'Very serious' prisoners escape from British Virgin Islands jail in Irma's wake


'Very serious' prisoners escape from British Virgin Islands jail in Irma's wake

British Foreign Secretary Boris Johnson flew to Barbados on Tuesday to begin a journey through the British territories devastated by Hurricane Irma.

The security officials of this British territory have stated this is a very serious threat to the law and order regime.

More than 100 "very serious prisoners" have escaped from jail on the British Virgin Islands. He told the House of Commons there were 997 troops and 47 police officers in the British Virgin Islands (BVI).

British Forces Gibraltar, as a Forward Mounting Base, is now engaged in numerous activities in support of HMS Ocean's re-tasking.

"We have maintained and kept law and order on the British Virgin Islands, which at one point could have dramatically threatened the already unfortunate plight of those who have been hit by the hurricane", he continued.

The Daily Telegraph reported British Cabinet notes leaked to the press said 40 prisoners were on the loose.

The Government has so far faced a great deal of backlash suggesting that they did not do enough to evacuate its citizens from the Islands. Others said Dutch and French governments, who also have Caribbean territories, prepared more adequately for the storm.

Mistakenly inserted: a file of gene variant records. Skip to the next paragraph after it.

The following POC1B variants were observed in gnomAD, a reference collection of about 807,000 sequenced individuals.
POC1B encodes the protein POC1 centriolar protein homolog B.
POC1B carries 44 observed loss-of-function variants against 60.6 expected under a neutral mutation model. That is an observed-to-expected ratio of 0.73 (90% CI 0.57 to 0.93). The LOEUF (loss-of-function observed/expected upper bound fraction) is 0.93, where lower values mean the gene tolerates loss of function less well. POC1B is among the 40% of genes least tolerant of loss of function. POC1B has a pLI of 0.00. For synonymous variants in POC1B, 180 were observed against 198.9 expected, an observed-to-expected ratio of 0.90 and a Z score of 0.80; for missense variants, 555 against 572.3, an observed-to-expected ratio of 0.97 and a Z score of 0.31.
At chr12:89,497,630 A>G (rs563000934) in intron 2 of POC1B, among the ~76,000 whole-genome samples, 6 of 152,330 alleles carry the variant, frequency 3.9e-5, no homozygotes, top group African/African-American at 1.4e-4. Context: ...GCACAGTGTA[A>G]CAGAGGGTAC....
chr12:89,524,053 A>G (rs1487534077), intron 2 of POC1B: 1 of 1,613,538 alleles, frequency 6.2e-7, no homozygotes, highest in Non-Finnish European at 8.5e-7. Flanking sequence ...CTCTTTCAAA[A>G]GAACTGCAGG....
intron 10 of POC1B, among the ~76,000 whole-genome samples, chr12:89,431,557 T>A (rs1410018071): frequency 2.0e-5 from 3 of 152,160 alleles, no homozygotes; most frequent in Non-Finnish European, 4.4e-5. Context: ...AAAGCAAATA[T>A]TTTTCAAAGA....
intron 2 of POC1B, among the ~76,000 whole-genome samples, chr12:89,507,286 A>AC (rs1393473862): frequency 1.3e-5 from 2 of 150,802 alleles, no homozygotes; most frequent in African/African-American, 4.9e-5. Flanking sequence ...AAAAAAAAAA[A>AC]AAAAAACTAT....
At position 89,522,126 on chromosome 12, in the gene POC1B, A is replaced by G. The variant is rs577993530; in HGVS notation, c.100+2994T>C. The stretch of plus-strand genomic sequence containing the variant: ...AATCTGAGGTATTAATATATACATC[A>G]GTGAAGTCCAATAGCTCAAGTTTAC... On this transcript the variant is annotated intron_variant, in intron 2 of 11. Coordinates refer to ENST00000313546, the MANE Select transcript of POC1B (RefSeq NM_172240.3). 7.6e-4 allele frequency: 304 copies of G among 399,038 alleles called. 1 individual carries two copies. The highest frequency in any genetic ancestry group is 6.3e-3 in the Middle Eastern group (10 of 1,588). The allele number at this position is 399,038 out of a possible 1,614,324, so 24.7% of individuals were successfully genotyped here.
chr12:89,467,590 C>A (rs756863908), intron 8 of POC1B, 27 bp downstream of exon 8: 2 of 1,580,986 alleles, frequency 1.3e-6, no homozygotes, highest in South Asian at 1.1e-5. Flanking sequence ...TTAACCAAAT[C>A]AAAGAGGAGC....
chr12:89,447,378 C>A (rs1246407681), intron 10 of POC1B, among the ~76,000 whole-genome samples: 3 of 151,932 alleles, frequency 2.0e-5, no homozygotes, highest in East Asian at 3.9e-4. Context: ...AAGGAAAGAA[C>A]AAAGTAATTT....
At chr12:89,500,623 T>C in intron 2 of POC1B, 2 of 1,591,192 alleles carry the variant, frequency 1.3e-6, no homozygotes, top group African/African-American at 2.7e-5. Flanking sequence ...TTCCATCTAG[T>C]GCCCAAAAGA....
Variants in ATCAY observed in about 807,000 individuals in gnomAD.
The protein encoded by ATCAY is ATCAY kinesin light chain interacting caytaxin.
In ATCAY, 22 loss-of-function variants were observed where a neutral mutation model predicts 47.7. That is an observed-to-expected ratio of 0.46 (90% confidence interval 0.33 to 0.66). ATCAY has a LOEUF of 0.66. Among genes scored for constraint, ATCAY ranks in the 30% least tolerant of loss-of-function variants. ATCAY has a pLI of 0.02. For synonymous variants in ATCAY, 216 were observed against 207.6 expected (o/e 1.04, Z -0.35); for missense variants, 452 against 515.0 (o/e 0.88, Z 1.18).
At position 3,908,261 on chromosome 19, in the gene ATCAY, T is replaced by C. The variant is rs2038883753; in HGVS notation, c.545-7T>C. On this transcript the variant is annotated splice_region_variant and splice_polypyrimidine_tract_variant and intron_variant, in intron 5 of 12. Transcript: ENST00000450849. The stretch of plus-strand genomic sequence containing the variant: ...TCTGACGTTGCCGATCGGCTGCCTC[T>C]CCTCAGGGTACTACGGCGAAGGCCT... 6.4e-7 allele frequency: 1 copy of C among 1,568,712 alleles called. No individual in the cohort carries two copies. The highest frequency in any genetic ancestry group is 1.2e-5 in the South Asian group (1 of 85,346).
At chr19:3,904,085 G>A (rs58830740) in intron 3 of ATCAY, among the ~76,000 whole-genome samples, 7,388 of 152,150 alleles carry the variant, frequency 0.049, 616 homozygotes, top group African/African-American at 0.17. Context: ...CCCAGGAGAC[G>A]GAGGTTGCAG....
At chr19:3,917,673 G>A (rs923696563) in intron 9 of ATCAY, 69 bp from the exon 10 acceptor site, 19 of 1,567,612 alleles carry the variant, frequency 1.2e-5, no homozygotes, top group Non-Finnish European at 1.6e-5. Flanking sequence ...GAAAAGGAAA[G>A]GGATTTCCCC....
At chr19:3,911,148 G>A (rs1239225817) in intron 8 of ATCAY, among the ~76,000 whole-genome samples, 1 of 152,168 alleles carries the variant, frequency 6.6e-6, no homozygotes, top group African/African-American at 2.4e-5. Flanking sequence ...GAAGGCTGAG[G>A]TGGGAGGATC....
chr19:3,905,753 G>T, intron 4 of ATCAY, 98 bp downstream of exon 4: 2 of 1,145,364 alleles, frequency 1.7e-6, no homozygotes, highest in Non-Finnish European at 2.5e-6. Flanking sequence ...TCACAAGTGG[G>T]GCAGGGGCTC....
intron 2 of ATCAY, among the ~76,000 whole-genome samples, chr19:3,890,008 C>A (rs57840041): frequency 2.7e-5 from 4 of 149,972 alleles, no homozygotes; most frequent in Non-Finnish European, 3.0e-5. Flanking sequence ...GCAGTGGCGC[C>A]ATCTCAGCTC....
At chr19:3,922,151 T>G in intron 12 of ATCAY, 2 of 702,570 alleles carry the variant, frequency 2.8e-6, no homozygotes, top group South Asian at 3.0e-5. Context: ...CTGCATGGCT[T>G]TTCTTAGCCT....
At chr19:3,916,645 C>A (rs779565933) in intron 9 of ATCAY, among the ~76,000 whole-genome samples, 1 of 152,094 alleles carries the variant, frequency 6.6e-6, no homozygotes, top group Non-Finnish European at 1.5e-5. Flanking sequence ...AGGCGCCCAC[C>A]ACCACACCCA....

Gibraltarian Chief Minister, Fabian Picardo said today: "Anybody who is in any doubt as to the continued strategic importance of Gibraltar only needs to look to the huge contribution Gibraltar is making, at nearly no notice, to the global humanitarian relief effort for the Caribbean".

Briton Claudia Knight alleged a prison was blown open on Tortola in the British Virgin Islands.

"This will help get water, food, shelter and power to those left devastated by Hurricane Irma", she added.

A C17, Voyager and A400M aircraft carried over 200 Royal Marines, as well as engineers and specialist personnel from all 3 Services. Knight claimed he was armed with a knife to combat potential looters.

Speaking to Sky News' Foreign Affairs Editor Sam Kiley on an aid flight to the region, alongside Royal Marines and medics, Mr Johnson said: "This has been long-planned ever since the hurricane broke".



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